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Department of Technology students remember fallen Redbirds

Larry Lyons '86, director of Athletics, stands in the middle of junior technology and engineering education majors Andrew Wiercinski (left) and Philip Tschammer. Wiercinski and Tschammer hold the emblems that honor the Redbird seven.

Some students spend a whole semester on a research project. Some might spend a whole semester on a paper, while others might spend a semester at an internship location. And then there are students that spend a whole semester working on a special project that’s not for a class, not for a grade, but just because it is the right thing to do.

Junior technology and engineering education majors Philip Tschammer and Andrew Wiercinski and graduate student Alexandra Dunfee are three students who know what it means to do a little extra. At the suggestion of their professor, Chris Merrill, this team took on the project of constructing two, 23” inch emblems featuring the uniform patch that honors the seven men who lost their lives in a plane crash outside of Bloomington-Normal on April 7, 2015.

This season, Redbird student athletes have been wearing or displaying the uniform patch in memory of the seven community members and Redbird fans. Some teams wear the patch on their jerseys; others display it on their clothes or gear. It serves to remind Illinois State student-athletes that they are playing for something beyond just wins and losses. “Our student-athletes understand the significance of the patch and what it symbolizes,” said Athletics Director Larry Lyons ’86. “We asked them to honor the seven with their competitive spirit throughout the year.”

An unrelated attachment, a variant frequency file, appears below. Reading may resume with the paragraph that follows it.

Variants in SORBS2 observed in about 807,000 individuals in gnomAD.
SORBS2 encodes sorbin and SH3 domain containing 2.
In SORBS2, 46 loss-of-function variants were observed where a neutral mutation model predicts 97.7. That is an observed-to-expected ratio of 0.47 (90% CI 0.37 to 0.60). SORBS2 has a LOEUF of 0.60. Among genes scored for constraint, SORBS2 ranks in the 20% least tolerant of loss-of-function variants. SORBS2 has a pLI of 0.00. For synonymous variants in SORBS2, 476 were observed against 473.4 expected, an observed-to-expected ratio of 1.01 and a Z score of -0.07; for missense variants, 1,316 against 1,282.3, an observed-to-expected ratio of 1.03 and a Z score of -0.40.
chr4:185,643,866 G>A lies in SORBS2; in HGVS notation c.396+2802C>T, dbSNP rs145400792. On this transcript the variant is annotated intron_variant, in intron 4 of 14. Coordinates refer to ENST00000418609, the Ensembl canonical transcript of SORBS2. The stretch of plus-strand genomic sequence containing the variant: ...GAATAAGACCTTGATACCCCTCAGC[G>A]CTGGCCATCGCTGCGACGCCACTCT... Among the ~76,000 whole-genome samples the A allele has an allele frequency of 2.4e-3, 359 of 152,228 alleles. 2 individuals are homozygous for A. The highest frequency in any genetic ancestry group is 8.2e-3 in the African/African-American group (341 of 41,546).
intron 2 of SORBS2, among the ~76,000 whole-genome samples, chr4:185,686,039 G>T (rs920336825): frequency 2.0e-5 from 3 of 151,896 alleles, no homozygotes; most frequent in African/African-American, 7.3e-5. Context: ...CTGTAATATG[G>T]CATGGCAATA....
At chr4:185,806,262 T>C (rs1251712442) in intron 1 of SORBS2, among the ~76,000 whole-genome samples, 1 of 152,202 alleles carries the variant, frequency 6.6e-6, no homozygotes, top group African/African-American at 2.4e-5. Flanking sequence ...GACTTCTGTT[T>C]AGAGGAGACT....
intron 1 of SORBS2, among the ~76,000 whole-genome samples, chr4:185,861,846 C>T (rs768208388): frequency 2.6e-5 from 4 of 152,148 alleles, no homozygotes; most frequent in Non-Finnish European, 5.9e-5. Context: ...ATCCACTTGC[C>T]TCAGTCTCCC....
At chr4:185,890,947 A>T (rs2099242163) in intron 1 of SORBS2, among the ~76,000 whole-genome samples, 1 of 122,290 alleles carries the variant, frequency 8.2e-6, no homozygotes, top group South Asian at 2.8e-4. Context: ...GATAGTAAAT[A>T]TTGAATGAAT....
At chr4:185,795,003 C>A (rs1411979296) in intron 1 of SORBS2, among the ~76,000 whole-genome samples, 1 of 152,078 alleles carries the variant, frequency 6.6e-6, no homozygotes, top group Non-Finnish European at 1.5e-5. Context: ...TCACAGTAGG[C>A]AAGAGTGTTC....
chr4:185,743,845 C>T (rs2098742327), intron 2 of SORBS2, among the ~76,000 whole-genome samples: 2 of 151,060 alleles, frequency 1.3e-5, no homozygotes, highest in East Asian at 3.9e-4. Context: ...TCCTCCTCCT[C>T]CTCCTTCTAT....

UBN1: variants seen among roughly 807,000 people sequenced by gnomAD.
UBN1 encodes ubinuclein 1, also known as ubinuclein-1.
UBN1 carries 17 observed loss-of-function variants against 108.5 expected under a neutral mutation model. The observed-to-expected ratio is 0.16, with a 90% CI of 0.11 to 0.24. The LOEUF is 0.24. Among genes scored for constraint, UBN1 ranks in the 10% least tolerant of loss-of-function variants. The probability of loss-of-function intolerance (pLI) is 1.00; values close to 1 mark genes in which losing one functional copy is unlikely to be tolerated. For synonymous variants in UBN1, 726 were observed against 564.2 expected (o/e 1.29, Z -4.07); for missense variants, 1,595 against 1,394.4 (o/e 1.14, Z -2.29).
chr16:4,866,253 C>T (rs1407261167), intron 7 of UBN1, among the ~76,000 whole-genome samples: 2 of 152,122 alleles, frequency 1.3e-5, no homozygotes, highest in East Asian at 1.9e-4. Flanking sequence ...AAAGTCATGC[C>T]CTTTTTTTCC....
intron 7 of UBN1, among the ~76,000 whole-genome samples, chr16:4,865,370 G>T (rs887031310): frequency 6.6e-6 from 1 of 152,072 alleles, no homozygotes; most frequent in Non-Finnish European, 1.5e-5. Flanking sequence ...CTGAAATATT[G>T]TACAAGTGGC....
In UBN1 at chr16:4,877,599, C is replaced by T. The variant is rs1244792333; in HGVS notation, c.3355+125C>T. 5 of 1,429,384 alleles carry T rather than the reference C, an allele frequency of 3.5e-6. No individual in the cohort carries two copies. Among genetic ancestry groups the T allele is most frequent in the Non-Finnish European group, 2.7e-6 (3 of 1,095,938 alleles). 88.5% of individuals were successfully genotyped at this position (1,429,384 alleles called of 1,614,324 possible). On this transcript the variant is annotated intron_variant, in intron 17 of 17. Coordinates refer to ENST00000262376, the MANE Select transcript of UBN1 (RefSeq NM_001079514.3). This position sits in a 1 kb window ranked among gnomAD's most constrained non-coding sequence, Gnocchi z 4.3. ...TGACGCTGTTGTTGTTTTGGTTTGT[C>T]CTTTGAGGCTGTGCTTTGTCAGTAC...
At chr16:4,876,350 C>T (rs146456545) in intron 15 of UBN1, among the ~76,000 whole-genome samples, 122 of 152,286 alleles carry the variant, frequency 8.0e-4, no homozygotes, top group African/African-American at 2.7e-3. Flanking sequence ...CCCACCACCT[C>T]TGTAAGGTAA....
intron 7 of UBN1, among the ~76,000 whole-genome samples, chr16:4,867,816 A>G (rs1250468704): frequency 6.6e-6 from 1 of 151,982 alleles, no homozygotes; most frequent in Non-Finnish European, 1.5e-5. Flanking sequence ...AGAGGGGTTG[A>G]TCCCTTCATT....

“When I read about the emblem this summer, I thought it was an excellent graphic of remembrance,” said Merrill. “While I did not personally know the seven individuals who perished, I did know that they meant a lot to Illinois State University and the ISU community.”

Philip Tschammer took the graphic of the emblem, digitized the graphic using computer-aided drafting (CAD) software, produced the machining toolpaths, and made a prototype. From the prototype, the students constructed the two emblems–one solid oak and one from medium density fiberboard–which took almost an entire semester. “The most time-consuming part was sanding everything down,” explained Tschammer. Many working hours were spent in the technology labs at night, after classes had cleared out and other students were home for the day.

“I knew my students would enjoy using our ShopBot (our CNC wood router), and would enjoy the challenge of creating the emblems to present to Athletics,” said Merrill.

“It is emotional to see these,” said Lyons. “Knowing that these emblems were crafted by hand by the students outside of class will certainly add to the tribute of the seven men that we lost.” Athletics plans to hang the oak version in the Legends Room in Redbird Arena, and the painted one in either the men’s basketball locker room or the basketball offices.

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